Pick Your Career Track Before the Foreign Service Exam (Part 2)


Seriously, it’s kind of a crap shoot picking your Cone without knowing something about Career Tracks, or at least knowing something a bit more than what’s described on careers.state.gov.  If it were an ideal world, you would all have State Department mentors assigned before you make this decision has to be made.  Some of you will or have already interned at Embassies and Consulates overseas.  Others have learned as former Peace Corps Volunteers or staff members at overseas NGOs what officers in the five Career Tracks actually do.  You, who are so fortunate, at least have a clue what you’ll be doing.  For the rest of you, well, you always can ask me.  Fire away.  This post with some admittedly abridged descriptions of the five Cones will at least, I hope, put you in a position to the right questions.  Meantime, I’ll also provide the names of books that can help you.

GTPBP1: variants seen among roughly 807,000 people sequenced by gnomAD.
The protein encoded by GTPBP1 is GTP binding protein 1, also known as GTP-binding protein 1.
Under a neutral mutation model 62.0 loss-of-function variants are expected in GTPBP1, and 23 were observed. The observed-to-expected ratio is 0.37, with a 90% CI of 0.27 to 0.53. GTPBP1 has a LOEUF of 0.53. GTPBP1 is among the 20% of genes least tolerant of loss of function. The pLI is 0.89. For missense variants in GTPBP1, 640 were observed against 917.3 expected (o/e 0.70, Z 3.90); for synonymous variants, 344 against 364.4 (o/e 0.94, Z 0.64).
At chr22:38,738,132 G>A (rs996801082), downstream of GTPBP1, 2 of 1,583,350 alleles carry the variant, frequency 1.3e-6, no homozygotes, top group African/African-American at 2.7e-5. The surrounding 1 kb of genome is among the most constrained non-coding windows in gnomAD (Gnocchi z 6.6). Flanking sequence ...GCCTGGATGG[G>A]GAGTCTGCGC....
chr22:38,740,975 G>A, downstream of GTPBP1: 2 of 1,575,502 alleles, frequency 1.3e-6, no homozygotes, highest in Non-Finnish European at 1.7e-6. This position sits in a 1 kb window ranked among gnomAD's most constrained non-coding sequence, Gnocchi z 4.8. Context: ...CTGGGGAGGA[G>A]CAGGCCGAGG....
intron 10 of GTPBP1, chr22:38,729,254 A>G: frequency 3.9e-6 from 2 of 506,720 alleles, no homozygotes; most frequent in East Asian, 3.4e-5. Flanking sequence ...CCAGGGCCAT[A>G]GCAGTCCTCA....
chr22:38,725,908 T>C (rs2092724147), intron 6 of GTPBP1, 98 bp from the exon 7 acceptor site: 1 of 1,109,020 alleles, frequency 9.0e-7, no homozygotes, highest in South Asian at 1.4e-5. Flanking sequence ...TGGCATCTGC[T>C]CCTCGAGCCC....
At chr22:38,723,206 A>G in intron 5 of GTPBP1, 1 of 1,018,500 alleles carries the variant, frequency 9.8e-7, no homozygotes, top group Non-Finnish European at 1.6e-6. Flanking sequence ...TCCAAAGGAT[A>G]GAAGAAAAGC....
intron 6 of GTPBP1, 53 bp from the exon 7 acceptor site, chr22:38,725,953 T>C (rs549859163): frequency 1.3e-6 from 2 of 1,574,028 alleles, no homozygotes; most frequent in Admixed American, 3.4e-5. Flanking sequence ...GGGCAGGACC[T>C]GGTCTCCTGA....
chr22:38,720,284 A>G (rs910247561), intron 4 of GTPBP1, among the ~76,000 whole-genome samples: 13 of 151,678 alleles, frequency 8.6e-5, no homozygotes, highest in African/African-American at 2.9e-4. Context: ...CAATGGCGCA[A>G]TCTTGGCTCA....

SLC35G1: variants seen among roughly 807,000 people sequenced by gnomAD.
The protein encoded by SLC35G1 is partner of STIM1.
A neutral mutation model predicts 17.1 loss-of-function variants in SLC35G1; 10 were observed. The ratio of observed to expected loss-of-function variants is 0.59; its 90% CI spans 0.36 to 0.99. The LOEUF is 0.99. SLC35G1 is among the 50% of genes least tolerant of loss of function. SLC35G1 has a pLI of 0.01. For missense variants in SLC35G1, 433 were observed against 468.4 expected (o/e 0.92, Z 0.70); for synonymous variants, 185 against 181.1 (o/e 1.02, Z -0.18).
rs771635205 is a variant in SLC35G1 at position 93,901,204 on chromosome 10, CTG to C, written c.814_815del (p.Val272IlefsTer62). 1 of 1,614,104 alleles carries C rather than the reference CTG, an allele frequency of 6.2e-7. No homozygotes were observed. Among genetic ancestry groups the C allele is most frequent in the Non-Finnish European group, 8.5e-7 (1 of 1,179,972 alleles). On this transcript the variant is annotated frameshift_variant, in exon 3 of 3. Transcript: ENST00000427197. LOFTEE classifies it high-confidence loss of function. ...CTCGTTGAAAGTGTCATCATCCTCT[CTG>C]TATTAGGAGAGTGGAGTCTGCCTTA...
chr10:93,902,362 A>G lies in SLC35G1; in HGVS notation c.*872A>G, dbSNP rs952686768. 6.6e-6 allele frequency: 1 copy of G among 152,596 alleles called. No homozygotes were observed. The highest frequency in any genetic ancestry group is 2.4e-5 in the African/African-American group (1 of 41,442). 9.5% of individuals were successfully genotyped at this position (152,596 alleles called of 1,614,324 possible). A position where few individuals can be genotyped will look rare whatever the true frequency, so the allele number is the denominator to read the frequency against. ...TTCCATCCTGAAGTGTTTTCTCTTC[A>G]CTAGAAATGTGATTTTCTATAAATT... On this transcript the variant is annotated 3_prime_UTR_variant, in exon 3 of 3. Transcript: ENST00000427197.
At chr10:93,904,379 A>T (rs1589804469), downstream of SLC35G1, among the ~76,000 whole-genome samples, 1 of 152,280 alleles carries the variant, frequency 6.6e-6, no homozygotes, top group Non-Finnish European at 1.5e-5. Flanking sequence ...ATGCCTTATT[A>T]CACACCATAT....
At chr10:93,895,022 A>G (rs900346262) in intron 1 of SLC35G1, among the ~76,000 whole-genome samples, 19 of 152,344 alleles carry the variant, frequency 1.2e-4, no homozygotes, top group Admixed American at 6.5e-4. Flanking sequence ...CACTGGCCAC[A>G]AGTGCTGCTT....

No Hollywood movie has ever/ever accurately portrayed the work of a Foreign Service Officer.  I’ll devote a post to this later.  Screenwriters and directors routinely cast FSOs as schemers with the power to overthrow foreign governments or wiener-ish dweebs who go out of their ways not to help American Citizens in trouble.  The movie Midnight Express is one such movie, depicting the consul in Istanbul who deals  with Billy Hayes, a convicted hashish trafficker, as slimy, unctuous and dismissive.  In fact, my first boss in the Foreign Service was that consul, and I have never found a more courageous, straightforward and caring individual in my career.  He laughed about the movie, saying Midnight Express was wrong on so many levels that he watched it only once and thought it more a comedy than drama.  Midnight Express, like so many others,  was a smear job, a pathetic attempt to score points by depicting the consul as a weak, mealy-mouthed bureaucrat.  I guess it’s no surprise that the screenwriter was Oliver Stone, the lucky man who never fails to take complicated, nuanced issues and distill them to black and white.   But I digress and I promised you more information about the Econ, Consular and Management Career Tracks.